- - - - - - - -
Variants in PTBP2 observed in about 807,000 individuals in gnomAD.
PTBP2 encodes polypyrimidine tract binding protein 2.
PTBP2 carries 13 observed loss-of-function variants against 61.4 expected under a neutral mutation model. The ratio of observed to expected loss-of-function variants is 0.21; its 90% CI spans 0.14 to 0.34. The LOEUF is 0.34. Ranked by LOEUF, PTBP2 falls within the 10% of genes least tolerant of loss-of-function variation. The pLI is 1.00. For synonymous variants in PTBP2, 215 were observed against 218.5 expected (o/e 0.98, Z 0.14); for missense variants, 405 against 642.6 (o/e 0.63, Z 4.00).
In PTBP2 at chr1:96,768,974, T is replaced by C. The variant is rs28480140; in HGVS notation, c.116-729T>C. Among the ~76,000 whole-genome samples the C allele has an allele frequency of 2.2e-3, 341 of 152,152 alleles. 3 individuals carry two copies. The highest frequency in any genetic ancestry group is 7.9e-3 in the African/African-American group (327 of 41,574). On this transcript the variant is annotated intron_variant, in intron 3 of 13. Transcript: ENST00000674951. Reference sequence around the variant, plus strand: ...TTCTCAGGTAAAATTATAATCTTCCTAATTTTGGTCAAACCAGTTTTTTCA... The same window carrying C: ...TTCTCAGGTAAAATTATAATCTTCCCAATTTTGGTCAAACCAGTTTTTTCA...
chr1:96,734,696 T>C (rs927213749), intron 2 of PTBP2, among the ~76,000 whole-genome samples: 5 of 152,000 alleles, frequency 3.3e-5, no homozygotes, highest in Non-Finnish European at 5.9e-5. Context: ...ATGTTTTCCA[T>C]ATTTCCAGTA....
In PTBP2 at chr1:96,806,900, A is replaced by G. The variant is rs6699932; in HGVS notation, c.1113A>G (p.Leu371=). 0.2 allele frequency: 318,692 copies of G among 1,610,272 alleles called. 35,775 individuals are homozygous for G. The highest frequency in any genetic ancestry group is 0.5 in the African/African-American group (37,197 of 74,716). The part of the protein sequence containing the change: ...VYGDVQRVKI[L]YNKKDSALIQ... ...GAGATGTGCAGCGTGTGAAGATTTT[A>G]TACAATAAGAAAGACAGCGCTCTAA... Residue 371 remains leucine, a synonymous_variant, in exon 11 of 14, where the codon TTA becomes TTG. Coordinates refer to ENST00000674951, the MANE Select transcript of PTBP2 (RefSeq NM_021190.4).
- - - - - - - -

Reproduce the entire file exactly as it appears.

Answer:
Variants in PTBP2 observed in about 807,000 individuals in gnomAD.
PTBP2 encodes polypyrimidine tract binding protein 2.
PTBP2 carries 13 observed loss-of-function variants against 61.4 expected under a neutral mutation model. The ratio of observed to expected loss-of-function variants is 0.21; its 90% CI spans 0.14 to 0.34. The LOEUF is 0.34. Ranked by LOEUF, PTBP2 falls within the 10% of genes least tolerant of loss-of-function variation. The pLI is 1.00. For synonymous variants in PTBP2, 215 were observed against 218.5 expected (o/e 0.98, Z 0.14); for missense variants, 405 against 642.6 (o/e 0.63, Z 4.00).
In PTBP2 at chr1:96,768,974, T is replaced by C. The variant is rs28480140; in HGVS notation, c.116-729T>C. Among the ~76,000 whole-genome samples the C allele has an allele frequency of 2.2e-3, 341 of 152,152 alleles. 3 individuals carry two copies. The highest frequency in any genetic ancestry group is 7.9e-3 in the African/African-American group (327 of 41,574). On this transcript the variant is annotated intron_variant, in intron 3 of 13. Transcript: ENST00000674951. Reference sequence around the variant, plus strand: ...TTCTCAGGTAAAATTATAATCTTCCTAATTTTGGTCAAACCAGTTTTTTCA... The same window carrying C: ...TTCTCAGGTAAAATTATAATCTTCCCAATTTTGGTCAAACCAGTTTTTTCA...
chr1:96,734,696 T>C (rs927213749), intron 2 of PTBP2, among the ~76,000 whole-genome samples: 5 of 152,000 alleles, frequency 3.3e-5, no homozygotes, highest in Non-Finnish European at 5.9e-5. Context: ...ATGTTTTCCA[T>C]ATTTCCAGTA....
In PTBP2 at chr1:96,806,900, A is replaced by G. The variant is rs6699932; in HGVS notation, c.1113A>G (p.Leu371=). 0.2 allele frequency: 318,692 copies of G among 1,610,272 alleles called. 35,775 individuals are homozygous for G. The highest frequency in any genetic ancestry group is 0.5 in the African/African-American group (37,197 of 74,716). The part of the protein sequence containing the change: ...VYGDVQRVKI[L]YNKKDSALIQ... ...GAGATGTGCAGCGTGTGAAGATTTT[A>G]TACAATAAGAAAGACAGCGCTCTAA... Residue 371 remains leucine, a synonymous_variant, in exon 11 of 14, where the codon TTA becomes TTG. Coordinates refer to ENST00000674951, the MANE Select transcript of PTBP2 (RefSeq NM_021190.4).